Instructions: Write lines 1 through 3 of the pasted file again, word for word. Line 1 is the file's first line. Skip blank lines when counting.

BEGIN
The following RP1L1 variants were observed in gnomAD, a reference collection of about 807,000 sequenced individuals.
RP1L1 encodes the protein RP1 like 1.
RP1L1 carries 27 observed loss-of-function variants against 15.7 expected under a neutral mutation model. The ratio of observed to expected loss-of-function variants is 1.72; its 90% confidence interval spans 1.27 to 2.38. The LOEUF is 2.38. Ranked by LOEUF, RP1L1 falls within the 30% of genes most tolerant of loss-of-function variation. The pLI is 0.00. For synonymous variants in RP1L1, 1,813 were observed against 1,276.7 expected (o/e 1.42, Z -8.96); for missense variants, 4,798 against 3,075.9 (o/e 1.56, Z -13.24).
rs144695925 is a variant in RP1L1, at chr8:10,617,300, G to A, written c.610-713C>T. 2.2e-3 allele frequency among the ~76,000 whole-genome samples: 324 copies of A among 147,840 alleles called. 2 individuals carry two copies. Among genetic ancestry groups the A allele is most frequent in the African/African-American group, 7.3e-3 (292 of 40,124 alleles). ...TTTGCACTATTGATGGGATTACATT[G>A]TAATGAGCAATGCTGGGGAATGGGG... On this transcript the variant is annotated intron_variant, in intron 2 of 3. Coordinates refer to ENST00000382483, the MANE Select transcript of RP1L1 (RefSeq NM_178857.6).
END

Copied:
The following RP1L1 variants were observed in gnomAD, a reference collection of about 807,000 sequenced individuals.
RP1L1 encodes the protein RP1 like 1.
RP1L1 carries 27 observed loss-of-function variants against 15.7 expected under a neutral mutation model. The ratio of observed to expected loss-of-function variants is 1.72; its 90% confidence interval spans 1.27 to 2.38. The LOEUF is 2.38. Ranked by LOEUF, RP1L1 falls within the 30% of genes most tolerant of loss-of-function variation. The pLI is 0.00. For synonymous variants in RP1L1, 1,813 were observed against 1,276.7 expected (o/e 1.42, Z -8.96); for missense variants, 4,798 against 3,075.9 (o/e 1.56, Z -13.24).